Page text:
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In this video I share my four favorite books for women in leadership and women in project management positions. Watch the video, or scroll down to read more about these book choices and a few extras that I love!
1. Getting It All Done by HBR Press
This book is from the Harvard Business Review Press Working Parents series and it includes tips, stories and strategies for the job that never ends. It’s where I first learned about value-based scheduling.
If you juggle parenting with work, then there are plenty of insights in here that will help you be the kind of parent and employee/leader that you want to be.
I think there are many jobs where you can’t make use of these strategies because you don’t have enough flexibility in your role. If you work shifts, for example, it’s tricky to simply say, “I’ll be late in on Friday because I’m reading with the pre-schoolers in my kid’s class.” You can’t do that.
Luckily, project management is a pretty flexible role, so if the culture of your workplace supports you, you’ll be able to make the most of that flexibility.
2. Heels of Steel by Vanessa Vallely
Vanessa runs a stellar network that links together the major networks for women in the city.
She has a very interesting career story which is covered in this book. The majority of the book talks about her career history and how she got where she did in her career.
You can easily pick up tips from her experiences, such as the way she networked into jobs, found great mentors and worked hard to succeed, learning all that she could.
The latter part of the book is more of a guide to career success, highlighting things she picked up and wants to pass along.
I have met Vanessa several times and she is always inspiring, so if you are thinking about your next career move, this is a good read.
3. Her Place at the Table by Deborah M. Kolb, Judith Williams, and Carol Frohlinger
This book covers a lot of case study materials and look at examples of women who have made career decisions to advance their careers. The overall concept of the books is to help you define what you want out of your career and then go out and get it.
It’s not a roadmap for a generic career, it’s about how to tailor your career to define what is best for you. That means putting in the work after, and during your reading.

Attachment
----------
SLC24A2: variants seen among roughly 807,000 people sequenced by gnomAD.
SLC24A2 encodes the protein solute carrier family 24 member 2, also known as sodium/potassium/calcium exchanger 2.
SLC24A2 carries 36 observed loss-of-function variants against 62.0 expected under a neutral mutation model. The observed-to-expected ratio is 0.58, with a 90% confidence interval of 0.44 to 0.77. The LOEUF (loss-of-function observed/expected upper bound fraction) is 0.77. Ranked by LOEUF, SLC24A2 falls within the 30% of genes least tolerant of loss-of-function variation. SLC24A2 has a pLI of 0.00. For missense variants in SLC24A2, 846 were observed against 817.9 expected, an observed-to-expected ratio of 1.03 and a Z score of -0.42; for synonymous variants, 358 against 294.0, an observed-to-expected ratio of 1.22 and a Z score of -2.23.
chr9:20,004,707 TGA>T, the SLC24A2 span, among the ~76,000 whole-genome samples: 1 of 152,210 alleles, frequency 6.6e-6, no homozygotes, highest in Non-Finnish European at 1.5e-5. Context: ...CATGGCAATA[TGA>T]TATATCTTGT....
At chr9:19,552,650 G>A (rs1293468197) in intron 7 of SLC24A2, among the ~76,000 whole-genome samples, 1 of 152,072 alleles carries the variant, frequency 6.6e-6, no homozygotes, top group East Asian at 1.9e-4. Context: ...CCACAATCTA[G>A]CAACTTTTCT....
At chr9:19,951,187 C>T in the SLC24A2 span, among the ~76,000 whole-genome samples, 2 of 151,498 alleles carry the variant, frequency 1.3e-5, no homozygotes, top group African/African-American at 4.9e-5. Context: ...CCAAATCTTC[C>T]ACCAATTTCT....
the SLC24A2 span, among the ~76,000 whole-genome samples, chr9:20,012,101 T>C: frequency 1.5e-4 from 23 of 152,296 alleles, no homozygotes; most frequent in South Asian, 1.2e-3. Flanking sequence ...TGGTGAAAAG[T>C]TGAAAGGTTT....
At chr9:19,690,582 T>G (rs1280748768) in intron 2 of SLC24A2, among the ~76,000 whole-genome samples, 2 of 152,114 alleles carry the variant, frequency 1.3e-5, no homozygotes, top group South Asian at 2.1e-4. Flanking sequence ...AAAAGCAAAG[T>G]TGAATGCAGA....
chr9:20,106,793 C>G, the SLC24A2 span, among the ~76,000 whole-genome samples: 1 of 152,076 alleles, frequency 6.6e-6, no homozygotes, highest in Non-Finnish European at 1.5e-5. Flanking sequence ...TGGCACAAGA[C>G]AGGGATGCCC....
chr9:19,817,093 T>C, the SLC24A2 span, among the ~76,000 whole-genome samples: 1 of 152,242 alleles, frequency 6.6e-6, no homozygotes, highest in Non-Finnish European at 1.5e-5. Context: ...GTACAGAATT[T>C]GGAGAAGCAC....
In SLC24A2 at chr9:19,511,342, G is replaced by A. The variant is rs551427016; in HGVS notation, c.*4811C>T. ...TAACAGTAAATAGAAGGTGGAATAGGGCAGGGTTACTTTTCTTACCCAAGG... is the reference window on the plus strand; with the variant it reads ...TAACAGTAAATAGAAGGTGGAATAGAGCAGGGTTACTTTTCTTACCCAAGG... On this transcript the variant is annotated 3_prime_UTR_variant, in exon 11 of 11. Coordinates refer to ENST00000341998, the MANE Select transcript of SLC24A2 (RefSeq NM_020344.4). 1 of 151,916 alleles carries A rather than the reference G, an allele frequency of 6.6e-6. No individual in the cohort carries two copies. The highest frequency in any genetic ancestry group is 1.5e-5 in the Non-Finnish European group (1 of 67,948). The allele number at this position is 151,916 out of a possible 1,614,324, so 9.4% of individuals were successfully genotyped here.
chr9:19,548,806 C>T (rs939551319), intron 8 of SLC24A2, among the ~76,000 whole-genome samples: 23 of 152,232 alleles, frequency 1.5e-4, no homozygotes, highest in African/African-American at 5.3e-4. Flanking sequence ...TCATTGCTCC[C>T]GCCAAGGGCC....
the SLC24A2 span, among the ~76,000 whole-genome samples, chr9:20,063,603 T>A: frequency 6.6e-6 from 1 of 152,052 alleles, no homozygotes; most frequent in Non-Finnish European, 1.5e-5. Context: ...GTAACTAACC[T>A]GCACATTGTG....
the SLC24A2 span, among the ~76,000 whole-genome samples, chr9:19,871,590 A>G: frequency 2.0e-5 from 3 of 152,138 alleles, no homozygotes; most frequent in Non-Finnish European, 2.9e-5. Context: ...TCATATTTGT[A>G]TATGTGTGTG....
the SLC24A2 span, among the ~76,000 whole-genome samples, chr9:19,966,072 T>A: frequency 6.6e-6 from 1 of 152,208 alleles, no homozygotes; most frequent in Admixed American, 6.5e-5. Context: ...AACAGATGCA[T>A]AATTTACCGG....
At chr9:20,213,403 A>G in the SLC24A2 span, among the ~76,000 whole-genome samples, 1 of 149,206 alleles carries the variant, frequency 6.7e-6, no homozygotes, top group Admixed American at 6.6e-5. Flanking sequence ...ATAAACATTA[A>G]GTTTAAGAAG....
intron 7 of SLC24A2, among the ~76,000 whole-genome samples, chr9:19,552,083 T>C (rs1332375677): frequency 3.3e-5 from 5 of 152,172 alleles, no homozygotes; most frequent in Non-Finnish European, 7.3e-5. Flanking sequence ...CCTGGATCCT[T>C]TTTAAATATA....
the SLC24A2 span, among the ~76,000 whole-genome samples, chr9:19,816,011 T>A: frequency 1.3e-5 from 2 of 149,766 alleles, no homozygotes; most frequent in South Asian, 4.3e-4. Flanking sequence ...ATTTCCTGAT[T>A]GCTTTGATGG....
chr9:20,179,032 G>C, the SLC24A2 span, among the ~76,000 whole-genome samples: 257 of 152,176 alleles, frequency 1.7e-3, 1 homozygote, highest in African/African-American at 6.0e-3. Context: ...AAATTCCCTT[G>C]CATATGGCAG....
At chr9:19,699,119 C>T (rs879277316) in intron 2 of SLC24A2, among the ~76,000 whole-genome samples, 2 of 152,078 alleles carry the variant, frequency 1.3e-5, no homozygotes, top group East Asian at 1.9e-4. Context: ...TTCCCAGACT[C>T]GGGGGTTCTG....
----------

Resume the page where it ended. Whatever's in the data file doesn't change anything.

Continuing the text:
But if you are dedicated to career success at this stage of your life, it’s going to give you some tips for how to find the right path.
4. Who Gets Promoted Who Doesn’t And Why by Donald Asher
This book tries to get away from the myth that if you get on and do your job you will be rewarded, because that doesn’t happen in real life. It’s also a good read for men as well, so you can share it with your whole team.
Having debunked the myth that hard work will equate to career success, the book goes on to talk about how you can make career success come to you.
If you have ever wondered how to promote yourself and your achievements without sounding boastful, then this is the book for you.
Read my review of Who Gets Promoted, Who Doesn’t and Why
5. Beyond the Boys’ Club by Suzanne Doyle-Morris
I read this book a long time ago and took a ton of notes. It’s a book I have hung on to, as I know the time will come again when I want to read it over.
It is so practical and there are loads of tips. It includes lots of advice on navigating office politics, what to wear and all that, but there is also plenty of advice on navigating the corporate corridors too.
While it does focus on “city” type jobs and traditionally male-dominated industries, the advice is applicable to all industries.
Read my review of Beyond the Boys’ Club.
6. Unlocking the Opportunity by Elise Stevens
If you are wondering whether project management is a good career for women, then this book will soon set you straight.
Spoiler alert: it is!
In this book, Elise Stevens publishes the stories of how over 150 women navigated their careers in project management (and I’m one of them — check me out on page 151!).
It’s a varied and interesting read that shows what a diverse job it is to lead projects. It showcases the achievements and highlights the challenges of being in this field. As a compilation of interviews and profiles, you’d probably want to dip in and out as each profile follows a similar structure so you can find yourself quickly skimming through.
Other recommended project management books
If you are looking for some other suggestions for project management books to read, you can check these out: